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Somewhere in my house is a very elegant, very expensive pair of scissors which I’m informed by those with a deeper knowledge of etiquette than mine are called ‘fruit scissors’.
They live in their own felt-covered, silk-lined case. I’ve never used them, and never will, but I understand that in polite circles they’re used for snipping off parts of a bunch of grapes – before you stuff said morsels into your cakehole.
The point is, they came from Fiat. They were a prize jointly won by me and another journalist, Peter Robinson, at the launch of the second generation Fiat Panda in Italy in about 2002.
The company badly wanted to make a point about the little car’s excellent fuel economy (it has been a running theme for 40 years), so set hacks against one another in an economy run, in teams of two. I was Robbo’s co-driver – and because we tried hard we beat them all, and waltzed triumphantly home with the fruit scissors.
It was a continuation of a love affair I’ve had with the Fiat Panda since 1980, when the superbly sweet and simple original edition popped out of Giorgio Giugiaro’s remarkable imagination.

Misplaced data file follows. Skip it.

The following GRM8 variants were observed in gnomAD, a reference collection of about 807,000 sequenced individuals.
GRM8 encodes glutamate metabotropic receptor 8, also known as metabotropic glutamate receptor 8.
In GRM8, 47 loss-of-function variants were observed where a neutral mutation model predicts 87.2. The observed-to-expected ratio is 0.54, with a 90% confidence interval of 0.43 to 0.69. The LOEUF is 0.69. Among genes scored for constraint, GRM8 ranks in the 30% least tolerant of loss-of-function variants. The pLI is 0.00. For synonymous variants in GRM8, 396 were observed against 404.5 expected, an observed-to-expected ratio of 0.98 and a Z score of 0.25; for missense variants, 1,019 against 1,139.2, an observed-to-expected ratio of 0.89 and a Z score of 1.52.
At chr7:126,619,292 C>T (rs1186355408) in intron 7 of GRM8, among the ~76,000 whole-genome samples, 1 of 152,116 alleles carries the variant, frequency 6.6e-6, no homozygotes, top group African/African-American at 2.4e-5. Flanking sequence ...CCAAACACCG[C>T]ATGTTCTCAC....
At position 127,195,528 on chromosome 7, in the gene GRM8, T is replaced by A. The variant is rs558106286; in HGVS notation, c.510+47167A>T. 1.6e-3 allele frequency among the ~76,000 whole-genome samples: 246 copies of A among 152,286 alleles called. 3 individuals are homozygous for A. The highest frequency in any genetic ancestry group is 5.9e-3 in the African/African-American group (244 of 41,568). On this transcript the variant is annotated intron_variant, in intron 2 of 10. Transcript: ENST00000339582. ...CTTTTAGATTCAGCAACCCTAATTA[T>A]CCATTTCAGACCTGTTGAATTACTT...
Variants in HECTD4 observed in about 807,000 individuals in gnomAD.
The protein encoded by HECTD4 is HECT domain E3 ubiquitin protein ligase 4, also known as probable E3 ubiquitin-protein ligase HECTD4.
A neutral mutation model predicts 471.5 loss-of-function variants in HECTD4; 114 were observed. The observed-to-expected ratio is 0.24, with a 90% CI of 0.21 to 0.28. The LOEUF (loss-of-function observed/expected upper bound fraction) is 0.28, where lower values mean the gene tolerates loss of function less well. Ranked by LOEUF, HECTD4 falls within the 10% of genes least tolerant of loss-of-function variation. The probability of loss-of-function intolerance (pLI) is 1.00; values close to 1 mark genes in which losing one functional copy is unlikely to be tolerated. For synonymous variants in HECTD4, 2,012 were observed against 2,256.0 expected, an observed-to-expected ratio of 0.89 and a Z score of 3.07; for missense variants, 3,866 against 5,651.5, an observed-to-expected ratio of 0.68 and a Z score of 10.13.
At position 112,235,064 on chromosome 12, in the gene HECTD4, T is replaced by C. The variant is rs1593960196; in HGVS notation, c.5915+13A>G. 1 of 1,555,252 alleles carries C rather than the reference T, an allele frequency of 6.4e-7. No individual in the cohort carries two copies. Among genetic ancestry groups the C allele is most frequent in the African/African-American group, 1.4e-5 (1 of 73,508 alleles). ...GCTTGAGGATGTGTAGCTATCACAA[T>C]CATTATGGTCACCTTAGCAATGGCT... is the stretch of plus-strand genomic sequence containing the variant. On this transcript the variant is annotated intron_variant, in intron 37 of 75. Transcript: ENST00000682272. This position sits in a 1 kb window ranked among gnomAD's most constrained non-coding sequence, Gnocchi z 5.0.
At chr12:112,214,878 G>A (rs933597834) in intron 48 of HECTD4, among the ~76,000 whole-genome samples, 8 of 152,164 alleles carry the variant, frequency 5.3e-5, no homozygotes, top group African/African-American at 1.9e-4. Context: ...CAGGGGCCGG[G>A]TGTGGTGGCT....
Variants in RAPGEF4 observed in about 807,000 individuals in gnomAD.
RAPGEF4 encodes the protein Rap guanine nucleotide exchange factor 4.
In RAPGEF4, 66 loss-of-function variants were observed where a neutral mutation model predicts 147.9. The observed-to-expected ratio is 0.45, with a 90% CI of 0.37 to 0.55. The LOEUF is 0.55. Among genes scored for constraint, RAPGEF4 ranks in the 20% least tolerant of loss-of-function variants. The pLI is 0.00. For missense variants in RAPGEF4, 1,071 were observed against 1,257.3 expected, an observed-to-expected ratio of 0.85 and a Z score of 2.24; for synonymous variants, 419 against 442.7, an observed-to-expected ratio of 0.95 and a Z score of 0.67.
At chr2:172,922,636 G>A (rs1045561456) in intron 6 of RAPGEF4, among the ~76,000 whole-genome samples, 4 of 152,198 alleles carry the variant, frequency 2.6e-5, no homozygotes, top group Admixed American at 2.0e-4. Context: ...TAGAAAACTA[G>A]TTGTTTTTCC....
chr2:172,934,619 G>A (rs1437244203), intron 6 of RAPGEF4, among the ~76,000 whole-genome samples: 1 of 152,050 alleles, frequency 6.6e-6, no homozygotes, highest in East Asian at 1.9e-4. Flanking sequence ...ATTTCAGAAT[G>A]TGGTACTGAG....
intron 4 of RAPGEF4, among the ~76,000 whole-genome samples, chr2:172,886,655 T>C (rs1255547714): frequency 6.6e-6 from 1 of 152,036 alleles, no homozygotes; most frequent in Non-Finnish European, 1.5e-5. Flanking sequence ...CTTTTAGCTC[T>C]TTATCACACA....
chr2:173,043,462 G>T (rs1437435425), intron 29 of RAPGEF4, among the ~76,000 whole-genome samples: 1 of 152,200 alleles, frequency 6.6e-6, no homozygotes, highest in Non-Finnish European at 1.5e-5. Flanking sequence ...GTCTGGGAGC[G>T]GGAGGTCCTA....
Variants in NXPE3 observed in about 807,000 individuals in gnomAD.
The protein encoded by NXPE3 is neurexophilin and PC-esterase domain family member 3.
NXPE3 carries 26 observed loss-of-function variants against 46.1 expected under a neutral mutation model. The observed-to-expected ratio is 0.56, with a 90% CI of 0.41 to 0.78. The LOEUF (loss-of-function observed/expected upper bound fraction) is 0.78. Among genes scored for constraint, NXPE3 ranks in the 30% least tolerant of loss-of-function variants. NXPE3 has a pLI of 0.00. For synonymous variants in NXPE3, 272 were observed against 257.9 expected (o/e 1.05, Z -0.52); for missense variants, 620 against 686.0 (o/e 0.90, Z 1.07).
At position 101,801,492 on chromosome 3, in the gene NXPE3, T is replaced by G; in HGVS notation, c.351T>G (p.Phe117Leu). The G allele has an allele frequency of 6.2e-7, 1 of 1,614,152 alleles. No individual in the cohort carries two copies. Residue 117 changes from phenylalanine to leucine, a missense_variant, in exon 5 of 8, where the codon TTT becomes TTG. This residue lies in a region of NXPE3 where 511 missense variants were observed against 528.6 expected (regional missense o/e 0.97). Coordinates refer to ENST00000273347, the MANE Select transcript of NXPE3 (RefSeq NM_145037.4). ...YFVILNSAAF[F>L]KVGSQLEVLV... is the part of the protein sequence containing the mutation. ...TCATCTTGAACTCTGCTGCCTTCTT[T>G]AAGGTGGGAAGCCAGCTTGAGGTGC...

And we’re celebrating the model’s 40th birthday in the November 2020 issue of Classic & Sports Car.
Within a year or two of that launch it became possible for me to stand in the viewing room of Giuigaro’s famous Ital Design studio with the great man himself, while he explained how much the little car meant to him.
We were surrounded by much more ornate, more expensive, more complex concepts, but it was immediately clear how much he cared.
“We tried to give it the essential quality of military design,” he’d often say, and said again on that occasion, but there was also an all-over chic about the Panda that no soldier ever knew or appreciated.
The best thing, I always thought, was that simple face. The lack of any grille except for a modest array of vertical louvres set asymmetrically between the two rectangular headlights.
And, thinking about it, that’s about the only car I can recall whose oblong headlights really worked.
Of course, it was fun to drive. Light, underpowered, and always ready to roll the body into corners, but easy to drive because of the light steering and small wheel.
I only ever drove the four-cylinder version (there was a cheaper twin), and most enjoyed the crude 4x4 whose all-wheel ability had to be selected manually, and never mind the pretty awful tyre scrabble in tight turns on Tarmac if you forgot to disconnect.